Take our survey for a chance to win $50 Take our survey for a chance to win $50

How Blockchain Could Improve Social Media Part 2

Attribution of Content. Absence of the Fake News Problem.

 

Attribution of content to its creators

One of the problems that Satoshi Nakamoto was able to solve with Bitcoin blockchain was the problem of double-spending of digital money. This problem is very similar to what happens with content on social networks.

Double spending is when a user sends funds to several parties simultaneously and neither the network nor the parties are able to tell that this is happening. Each party on the receiving end thinks that it is the only party to receive the funds. On the bitcoin blockchain, sending the same money to several parties at a time is impossible because of how the network processes transactions and adds coins to circulation. Anyone at any time can see a log of all the transactions on the Bitcoin network. For example, you can visit the official Bitcoin blockchain explorer at https://blockchain.info/ as you are reading this and see information about any and all of the transactions that have happened on the network since 2009, including all kinds of charts and stats about the transactions. To see information about transactions, simply click on one of the recent blocks on top of page in the “height” column or enter any number that is smaller than the latest height number to see the page for that block. Here is, for example, the page for block #234566: https://blockchain.info/block/000000000000005ff5a4bb25e6ce3480adff7919c2bc0255d887168e438bf787.You can see that the block had 248 transactions, that the volume of transactions was 786 bitcoins and if you start scrolling down the page, you will see the information about each of these 248 transactions. All kinds of charts about the Bitcoin network are located here: https://blockchain.info/charts

Also, on the bitcoin network anyone can also see the exact number of coins currently in circulation on the Bitcoin network. You can see the exact number of bitcoins in circulation as you are reading this, by visiting http://www.bitcoinblockhalf.com/

What does all of this have to do with social media? Simple! Bitcoin is a financial application of blockchain technology. The technology could work in the same way with content that it works with bitcoins. Instead of a network adding coins to circulation, the users on the network could be adding content to the network. Because the records on a blockchain are immutable, the network would have a record of who added content and when and it would be impossible to change this record. This would solve the current attribution problem in which it often becomes almost impossible to track who has created the content. On a blockchain network, anyone would be able to see who created the content in the same way you can see right now how many bitcoins the Bitcoin network has in circulation.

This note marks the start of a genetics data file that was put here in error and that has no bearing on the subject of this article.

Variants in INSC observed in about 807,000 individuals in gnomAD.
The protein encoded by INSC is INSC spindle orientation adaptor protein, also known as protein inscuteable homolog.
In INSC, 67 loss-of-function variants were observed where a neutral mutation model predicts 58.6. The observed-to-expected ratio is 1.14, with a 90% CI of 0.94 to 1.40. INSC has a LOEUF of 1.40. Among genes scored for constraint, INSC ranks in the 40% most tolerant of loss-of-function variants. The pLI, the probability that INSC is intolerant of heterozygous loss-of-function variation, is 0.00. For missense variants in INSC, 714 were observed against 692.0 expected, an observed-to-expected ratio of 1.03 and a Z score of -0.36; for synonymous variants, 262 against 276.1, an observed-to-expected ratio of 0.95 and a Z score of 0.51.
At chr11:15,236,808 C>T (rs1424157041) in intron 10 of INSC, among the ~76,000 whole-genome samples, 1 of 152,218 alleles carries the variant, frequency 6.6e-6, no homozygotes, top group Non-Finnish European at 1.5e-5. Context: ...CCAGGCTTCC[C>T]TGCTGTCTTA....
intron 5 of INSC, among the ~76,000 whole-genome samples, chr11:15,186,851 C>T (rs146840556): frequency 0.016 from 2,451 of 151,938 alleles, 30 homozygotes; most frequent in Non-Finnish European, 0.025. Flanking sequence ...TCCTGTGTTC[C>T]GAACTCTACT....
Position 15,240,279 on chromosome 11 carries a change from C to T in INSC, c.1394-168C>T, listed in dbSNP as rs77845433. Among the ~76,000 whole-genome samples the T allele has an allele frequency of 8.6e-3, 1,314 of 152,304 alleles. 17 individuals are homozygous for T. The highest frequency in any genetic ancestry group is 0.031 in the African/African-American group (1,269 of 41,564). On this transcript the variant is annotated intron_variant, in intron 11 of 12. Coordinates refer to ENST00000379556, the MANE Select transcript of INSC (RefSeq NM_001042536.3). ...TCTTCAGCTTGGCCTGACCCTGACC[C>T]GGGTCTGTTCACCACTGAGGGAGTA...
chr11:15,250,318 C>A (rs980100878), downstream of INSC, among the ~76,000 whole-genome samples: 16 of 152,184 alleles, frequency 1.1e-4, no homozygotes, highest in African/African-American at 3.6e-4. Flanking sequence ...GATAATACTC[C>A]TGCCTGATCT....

Absence of Fake News

The term “fake news” has existed for many years and has a lot of meanings. For example, in the 1990s and 2000s, in the United States the team was mostly used to describe comedy TV Shows such as The Daily Show with Jon Steward and The Soup with Joel McHale. This has changed during the 2016 Presidential Election cycle, when people had all kinds of information coming from the Internet, including made-up stories on social networks. Paul Horner was a writer behind many of the stories. In an interview to the Washington Post, Horner said that the goal of his stories was to convince people not to vote for Trump. However, his fake news articles often appeared in the top results of Google and other search engines. Many campaign representatives and TV channels were sharing his news as if they were true.

According to a study by Buzzfeed, during the last three months of the 2016 Presidential campaign, fake news generated more engagement on social media than the true news stories from all the legitimate media outlets combined. (Source: https://www.cbsnews.com/news/donald-trump-election-facebook-fake-news-creator-paul-horner-claims-responsibility/ ). Platforms such as Facebook and Google have been trying to fix the issue by relying on fact-checkers, by asking their users to report fake news and by updating their content policies. All these solutions are not perfect because they are based on figuring out how to use third parties to fact-check the news. On a blockchain network, such a problem would not exist because it would be possible to track the origin of the news and create smart contracts that would penalize the creators of fake news.